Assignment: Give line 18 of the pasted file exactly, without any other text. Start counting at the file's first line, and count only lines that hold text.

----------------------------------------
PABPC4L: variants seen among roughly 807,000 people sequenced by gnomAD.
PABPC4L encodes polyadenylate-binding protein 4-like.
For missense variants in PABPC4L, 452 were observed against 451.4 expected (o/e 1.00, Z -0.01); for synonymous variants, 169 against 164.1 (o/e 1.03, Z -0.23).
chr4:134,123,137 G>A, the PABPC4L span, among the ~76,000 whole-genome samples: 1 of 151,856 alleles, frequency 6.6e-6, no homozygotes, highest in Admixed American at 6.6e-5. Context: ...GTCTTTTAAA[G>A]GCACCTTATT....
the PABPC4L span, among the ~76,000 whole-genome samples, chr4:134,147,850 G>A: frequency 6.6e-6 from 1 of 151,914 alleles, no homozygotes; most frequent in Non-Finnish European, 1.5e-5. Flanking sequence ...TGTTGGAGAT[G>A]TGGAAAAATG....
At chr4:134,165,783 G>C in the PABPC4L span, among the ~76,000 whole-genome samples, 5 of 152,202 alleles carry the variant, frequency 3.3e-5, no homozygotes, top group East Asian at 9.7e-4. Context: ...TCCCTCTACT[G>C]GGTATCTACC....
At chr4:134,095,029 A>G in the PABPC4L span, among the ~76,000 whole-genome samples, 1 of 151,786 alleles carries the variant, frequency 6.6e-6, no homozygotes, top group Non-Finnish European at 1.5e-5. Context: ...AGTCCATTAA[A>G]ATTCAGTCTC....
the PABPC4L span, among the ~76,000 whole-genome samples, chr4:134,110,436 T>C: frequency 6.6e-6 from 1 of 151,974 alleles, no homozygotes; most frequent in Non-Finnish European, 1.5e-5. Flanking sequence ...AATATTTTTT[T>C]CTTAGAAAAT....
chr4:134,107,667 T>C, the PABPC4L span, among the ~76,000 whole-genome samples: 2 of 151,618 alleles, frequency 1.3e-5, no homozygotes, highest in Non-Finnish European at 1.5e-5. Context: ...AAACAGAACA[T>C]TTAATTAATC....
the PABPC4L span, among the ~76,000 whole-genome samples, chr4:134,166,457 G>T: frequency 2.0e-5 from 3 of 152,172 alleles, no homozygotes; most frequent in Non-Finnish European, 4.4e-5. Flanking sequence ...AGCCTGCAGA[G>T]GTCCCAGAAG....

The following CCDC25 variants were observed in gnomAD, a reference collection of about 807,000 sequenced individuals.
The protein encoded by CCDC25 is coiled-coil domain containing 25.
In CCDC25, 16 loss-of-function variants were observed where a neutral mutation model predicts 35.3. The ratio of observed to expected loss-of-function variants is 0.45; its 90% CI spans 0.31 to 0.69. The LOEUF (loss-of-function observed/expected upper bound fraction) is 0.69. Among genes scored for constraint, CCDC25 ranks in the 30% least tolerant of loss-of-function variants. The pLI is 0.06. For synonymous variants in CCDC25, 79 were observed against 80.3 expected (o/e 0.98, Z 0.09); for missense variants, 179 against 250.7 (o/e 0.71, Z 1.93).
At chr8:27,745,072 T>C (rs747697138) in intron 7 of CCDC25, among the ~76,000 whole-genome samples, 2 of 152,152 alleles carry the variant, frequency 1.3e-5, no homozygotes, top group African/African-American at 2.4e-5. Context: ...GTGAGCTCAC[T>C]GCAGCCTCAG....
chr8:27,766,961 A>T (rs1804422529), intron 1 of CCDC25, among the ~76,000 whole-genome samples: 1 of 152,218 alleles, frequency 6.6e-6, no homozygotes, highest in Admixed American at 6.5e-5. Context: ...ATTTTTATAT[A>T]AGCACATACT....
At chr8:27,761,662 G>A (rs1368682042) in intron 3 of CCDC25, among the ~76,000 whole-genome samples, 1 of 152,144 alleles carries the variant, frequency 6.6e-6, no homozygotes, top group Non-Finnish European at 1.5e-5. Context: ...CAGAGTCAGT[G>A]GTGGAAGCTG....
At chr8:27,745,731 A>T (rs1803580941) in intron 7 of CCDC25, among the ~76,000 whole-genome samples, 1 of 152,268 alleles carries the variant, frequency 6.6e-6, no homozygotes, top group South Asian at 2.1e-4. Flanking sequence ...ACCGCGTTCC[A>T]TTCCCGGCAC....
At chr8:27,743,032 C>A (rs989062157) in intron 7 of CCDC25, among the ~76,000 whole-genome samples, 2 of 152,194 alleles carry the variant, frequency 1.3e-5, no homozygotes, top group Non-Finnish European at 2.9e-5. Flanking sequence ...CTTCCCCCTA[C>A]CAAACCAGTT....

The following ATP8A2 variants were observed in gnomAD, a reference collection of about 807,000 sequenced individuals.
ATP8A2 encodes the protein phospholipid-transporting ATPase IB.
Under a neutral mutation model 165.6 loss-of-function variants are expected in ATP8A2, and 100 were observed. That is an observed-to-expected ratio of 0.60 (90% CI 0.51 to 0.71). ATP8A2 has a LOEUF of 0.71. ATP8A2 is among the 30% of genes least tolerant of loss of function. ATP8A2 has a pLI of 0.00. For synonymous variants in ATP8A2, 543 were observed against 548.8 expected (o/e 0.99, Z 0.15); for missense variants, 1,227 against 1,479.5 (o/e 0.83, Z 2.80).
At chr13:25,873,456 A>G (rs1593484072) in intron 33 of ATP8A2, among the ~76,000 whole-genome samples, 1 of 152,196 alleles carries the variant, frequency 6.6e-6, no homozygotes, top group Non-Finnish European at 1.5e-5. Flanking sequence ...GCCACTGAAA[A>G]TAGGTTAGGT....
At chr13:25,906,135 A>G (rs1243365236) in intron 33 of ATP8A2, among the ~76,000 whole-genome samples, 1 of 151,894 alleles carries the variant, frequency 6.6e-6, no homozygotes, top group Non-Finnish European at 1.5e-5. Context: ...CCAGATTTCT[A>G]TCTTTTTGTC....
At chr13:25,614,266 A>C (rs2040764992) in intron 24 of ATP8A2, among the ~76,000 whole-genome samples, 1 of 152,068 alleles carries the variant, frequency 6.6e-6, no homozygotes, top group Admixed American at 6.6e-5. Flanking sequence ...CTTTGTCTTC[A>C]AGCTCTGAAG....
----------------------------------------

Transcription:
At chr8:27,743,032 C>A (rs989062157) in intron 7 of CCDC25, among the ~76,000 whole-genome samples, 2 of 152,194 alleles carry the variant, frequency 1.3e-5, no homozygotes, top group Non-Finnish European at 2.9e-5. Flanking sequence ...CTTCCCCCTA[C>A]CAAACCAGTT....